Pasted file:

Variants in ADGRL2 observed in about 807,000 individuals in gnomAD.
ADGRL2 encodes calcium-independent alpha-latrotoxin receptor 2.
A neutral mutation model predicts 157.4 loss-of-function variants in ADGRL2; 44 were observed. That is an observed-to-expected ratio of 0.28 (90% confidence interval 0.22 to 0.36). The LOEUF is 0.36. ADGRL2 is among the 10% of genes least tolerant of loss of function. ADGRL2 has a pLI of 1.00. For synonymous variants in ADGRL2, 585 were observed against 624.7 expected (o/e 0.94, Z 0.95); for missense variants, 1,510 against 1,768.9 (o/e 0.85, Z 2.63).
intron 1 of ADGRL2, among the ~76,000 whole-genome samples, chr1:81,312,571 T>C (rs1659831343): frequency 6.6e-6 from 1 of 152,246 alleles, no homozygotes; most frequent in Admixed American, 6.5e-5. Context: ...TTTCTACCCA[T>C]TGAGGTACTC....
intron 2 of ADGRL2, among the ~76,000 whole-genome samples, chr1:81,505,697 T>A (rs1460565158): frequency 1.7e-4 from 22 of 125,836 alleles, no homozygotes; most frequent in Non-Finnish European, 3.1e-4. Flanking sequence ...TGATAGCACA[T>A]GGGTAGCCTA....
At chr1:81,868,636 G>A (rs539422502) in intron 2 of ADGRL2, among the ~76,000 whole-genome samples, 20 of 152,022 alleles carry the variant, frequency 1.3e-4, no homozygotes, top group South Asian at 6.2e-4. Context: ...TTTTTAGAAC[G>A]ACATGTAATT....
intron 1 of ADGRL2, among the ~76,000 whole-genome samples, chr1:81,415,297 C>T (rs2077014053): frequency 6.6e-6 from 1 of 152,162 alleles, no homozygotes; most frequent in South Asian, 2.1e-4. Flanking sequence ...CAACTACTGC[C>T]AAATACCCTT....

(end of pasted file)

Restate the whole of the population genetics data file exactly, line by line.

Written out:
Variants in ADGRL2 observed in about 807,000 individuals in gnomAD.
ADGRL2 encodes calcium-independent alpha-latrotoxin receptor 2.
A neutral mutation model predicts 157.4 loss-of-function variants in ADGRL2; 44 were observed. That is an observed-to-expected ratio of 0.28 (90% confidence interval 0.22 to 0.36). The LOEUF is 0.36. ADGRL2 is among the 10% of genes least tolerant of loss of function. ADGRL2 has a pLI of 1.00. For synonymous variants in ADGRL2, 585 were observed against 624.7 expected (o/e 0.94, Z 0.95); for missense variants, 1,510 against 1,768.9 (o/e 0.85, Z 2.63).
intron 1 of ADGRL2, among the ~76,000 whole-genome samples, chr1:81,312,571 T>C (rs1659831343): frequency 6.6e-6 from 1 of 152,246 alleles, no homozygotes; most frequent in Admixed American, 6.5e-5. Context: ...TTTCTACCCA[T>C]TGAGGTACTC....
intron 2 of ADGRL2, among the ~76,000 whole-genome samples, chr1:81,505,697 T>A (rs1460565158): frequency 1.7e-4 from 22 of 125,836 alleles, no homozygotes; most frequent in Non-Finnish European, 3.1e-4. Flanking sequence ...TGATAGCACA[T>A]GGGTAGCCTA....
At chr1:81,868,636 G>A (rs539422502) in intron 2 of ADGRL2, among the ~76,000 whole-genome samples, 20 of 152,022 alleles carry the variant, frequency 1.3e-4, no homozygotes, top group South Asian at 6.2e-4. Context: ...TTTTTAGAAC[G>A]ACATGTAATT....
intron 1 of ADGRL2, among the ~76,000 whole-genome samples, chr1:81,415,297 C>T (rs2077014053): frequency 6.6e-6 from 1 of 152,162 alleles, no homozygotes; most frequent in South Asian, 2.1e-4. Flanking sequence ...CAACTACTGC[C>T]AAATACCCTT....